Mosaddeq was an influential politician who ascended into power as the 35th Iranian Prime Minister. He was elected into office through democratic means in 1951. Further, Mosaddeq was viewed by several Iranians as the contending champion in terms of secular democracy and display of resistance towards foreign influence and domination in the history of modern Iran. More importantly, Mosaddeq was regarded as an administrator, an author, lawyer, and parliamentarian. His administration was instrumental in the introduction of various social and political measures for instance social security, reforms in the land sector, and increased taxations including rent of land taxation policies. Besides, Mosaddeq’s government’s most important policy was nationalizing the oil industry of Iran which had initially been established by the British on the Persian lands in 1913. Nevertheless, his speech in 1951 viewed the British government and its role in Iran in the twentieth century from various standpoints.
As such, in his speech on 27 September 1951, Mosaddeq viewed the British Government and its role in Iran in the twentieth century as racist and meant no good for the people of Iran. In essence, Mosaddeq was seen as a man of principle and often acted out of patriotism and a sense of justice. Further, the British opposed Mosaddeq’s efforts of nationalizing the oil industry in Iran and this saw him develop bad blood towards the British government (Landen p. 362). More importantly, Mosaddeq described the British government’s role in Iran in the twentieth century as non-patriotic and dictatorial. In his speech, he criticized the British Government for its role in establishing a dictatorial government which would deprive Iranian people of their human rights of freedom. Also, Mosaddeq viewed the British Government as hypocritical and self-centered and only wanted to satisfy their goals of obtaining oil in Iran without caring about the livelihoods of the native Iranians.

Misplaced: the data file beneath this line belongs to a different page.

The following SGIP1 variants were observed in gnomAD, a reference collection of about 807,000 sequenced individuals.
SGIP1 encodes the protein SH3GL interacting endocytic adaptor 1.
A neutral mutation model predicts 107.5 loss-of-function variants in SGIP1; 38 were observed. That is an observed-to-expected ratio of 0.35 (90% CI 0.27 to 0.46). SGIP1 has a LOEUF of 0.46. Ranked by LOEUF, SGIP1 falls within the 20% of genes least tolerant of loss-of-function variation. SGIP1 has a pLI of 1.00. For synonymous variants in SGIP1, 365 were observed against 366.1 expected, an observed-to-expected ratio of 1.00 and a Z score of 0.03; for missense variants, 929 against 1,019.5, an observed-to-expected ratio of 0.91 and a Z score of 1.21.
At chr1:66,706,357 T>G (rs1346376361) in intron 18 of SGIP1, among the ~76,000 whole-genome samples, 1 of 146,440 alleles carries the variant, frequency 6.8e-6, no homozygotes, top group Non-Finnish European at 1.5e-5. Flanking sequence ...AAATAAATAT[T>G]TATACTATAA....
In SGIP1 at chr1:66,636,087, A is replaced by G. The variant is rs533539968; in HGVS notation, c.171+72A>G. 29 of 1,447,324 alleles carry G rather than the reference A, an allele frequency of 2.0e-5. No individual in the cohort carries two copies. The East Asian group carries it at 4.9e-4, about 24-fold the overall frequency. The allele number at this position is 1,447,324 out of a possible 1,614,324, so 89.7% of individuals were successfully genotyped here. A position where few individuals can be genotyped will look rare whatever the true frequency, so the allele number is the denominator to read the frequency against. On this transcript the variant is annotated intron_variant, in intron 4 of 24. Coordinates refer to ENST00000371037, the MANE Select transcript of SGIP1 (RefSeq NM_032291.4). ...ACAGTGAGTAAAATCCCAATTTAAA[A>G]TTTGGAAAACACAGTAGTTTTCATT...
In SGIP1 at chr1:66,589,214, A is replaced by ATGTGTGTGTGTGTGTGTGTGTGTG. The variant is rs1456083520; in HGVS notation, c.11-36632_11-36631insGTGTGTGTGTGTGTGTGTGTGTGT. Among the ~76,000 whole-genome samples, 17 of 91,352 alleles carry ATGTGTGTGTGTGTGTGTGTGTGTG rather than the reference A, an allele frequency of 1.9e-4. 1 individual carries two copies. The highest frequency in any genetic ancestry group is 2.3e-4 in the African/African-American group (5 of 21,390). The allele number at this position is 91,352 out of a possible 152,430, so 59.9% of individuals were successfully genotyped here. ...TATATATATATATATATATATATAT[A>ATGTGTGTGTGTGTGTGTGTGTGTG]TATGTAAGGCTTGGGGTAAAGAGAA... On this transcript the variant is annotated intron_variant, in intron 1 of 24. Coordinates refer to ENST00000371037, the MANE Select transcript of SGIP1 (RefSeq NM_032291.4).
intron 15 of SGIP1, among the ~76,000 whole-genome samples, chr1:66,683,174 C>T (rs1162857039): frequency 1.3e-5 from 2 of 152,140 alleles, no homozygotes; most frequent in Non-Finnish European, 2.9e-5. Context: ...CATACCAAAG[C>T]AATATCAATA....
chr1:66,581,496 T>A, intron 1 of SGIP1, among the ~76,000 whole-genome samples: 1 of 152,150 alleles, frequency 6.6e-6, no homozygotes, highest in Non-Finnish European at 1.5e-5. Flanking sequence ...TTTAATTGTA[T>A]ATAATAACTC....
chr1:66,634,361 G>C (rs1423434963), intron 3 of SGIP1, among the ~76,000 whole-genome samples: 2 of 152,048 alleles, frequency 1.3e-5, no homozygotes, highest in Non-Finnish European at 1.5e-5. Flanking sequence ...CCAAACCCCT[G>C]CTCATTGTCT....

Based on the readings, Mosaddeq’s nationalization of the oil industry in 1951 was seen as a response towards foreign interventions. When oil was first discovered in Iran, foreign governments, such as that of the British, utilized force and often exploited the weakness of the Iranian state in a bid to influence it into agreements which gave foreign companies leeway to take control of the oil extraction in Iran. Mosaddeq’s nationalization of the oil industry is seen as a patriotic step towards realizing equality and better lives for the Iranian citizens (Landen p. 365). More importantly, Mosaddeq’s nationalization of the oil industry was coupled with positive attitudes such as the establishment of a democratic government and the quest for Iranian national sovereignty. Needless to say, his efforts to nationalize the oil industry meant that his government was consistently working towards improving the living standards of the Iranian people as well as ensuring protection of the country’s integrity.
I agree with what Mosaddeq in terms of nationalizing the oil industry in Iran. In essence, this is a critical step by a senior government official which means that Mosaddeq was a patriot and a defender of Iran’s sovereign power (Chapter 14 p. 12). Further, Mosaddeq is touted as a statesman who believed in democracy and a champion of human rights; especially among the Iranians. Besides, his efforts in nationalizing the oil industry in Iran indicated that he was backing patriotic as well as liberal elements of Iran.
Chapter 14, in Cleveland and Bunton, “Democracy and Authoritarianism: Turkey and Iran.”
Landen Robert G. “Iran and the National Front: A Speech by Prime Minister Mohammad Mosaddeq, 27 September 1951.” In The Modern Middle East: A Source for History, edited by Camoron Michael Amin, Benjamin C. Fortna, and Elizabeth B. Frierson, 360-367. New York: Oxford University Press, 2006.